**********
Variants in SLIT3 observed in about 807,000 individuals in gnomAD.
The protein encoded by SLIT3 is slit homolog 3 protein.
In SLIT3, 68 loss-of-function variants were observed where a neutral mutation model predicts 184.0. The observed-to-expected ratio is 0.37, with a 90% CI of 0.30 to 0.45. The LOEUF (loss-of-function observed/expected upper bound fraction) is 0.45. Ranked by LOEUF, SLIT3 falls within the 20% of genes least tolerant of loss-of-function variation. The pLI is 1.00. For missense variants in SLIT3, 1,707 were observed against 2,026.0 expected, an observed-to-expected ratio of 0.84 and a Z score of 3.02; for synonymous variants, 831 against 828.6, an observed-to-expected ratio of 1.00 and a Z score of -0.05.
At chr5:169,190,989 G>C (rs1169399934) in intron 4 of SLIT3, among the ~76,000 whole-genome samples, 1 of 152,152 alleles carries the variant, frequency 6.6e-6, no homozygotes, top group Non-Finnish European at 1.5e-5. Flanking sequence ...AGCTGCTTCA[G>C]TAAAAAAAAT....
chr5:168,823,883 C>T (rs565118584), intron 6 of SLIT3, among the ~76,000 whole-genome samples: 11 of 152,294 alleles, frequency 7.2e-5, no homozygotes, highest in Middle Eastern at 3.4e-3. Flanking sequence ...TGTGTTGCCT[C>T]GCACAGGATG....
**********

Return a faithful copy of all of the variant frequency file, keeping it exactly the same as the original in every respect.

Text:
Variants in SLIT3 observed in about 807,000 individuals in gnomAD.
The protein encoded by SLIT3 is slit homolog 3 protein.
In SLIT3, 68 loss-of-function variants were observed where a neutral mutation model predicts 184.0. The observed-to-expected ratio is 0.37, with a 90% CI of 0.30 to 0.45. The LOEUF (loss-of-function observed/expected upper bound fraction) is 0.45. Ranked by LOEUF, SLIT3 falls within the 20% of genes least tolerant of loss-of-function variation. The pLI is 1.00. For missense variants in SLIT3, 1,707 were observed against 2,026.0 expected, an observed-to-expected ratio of 0.84 and a Z score of 3.02; for synonymous variants, 831 against 828.6, an observed-to-expected ratio of 1.00 and a Z score of -0.05.
At chr5:169,190,989 G>C (rs1169399934) in intron 4 of SLIT3, among the ~76,000 whole-genome samples, 1 of 152,152 alleles carries the variant, frequency 6.6e-6, no homozygotes, top group Non-Finnish European at 1.5e-5. Flanking sequence ...AGCTGCTTCA[G>C]TAAAAAAAAT....
chr5:168,823,883 C>T (rs565118584), intron 6 of SLIT3, among the ~76,000 whole-genome samples: 11 of 152,294 alleles, frequency 7.2e-5, no homozygotes, highest in Middle Eastern at 3.4e-3. Flanking sequence ...TGTGTTGCCT[C>T]GCACAGGATG....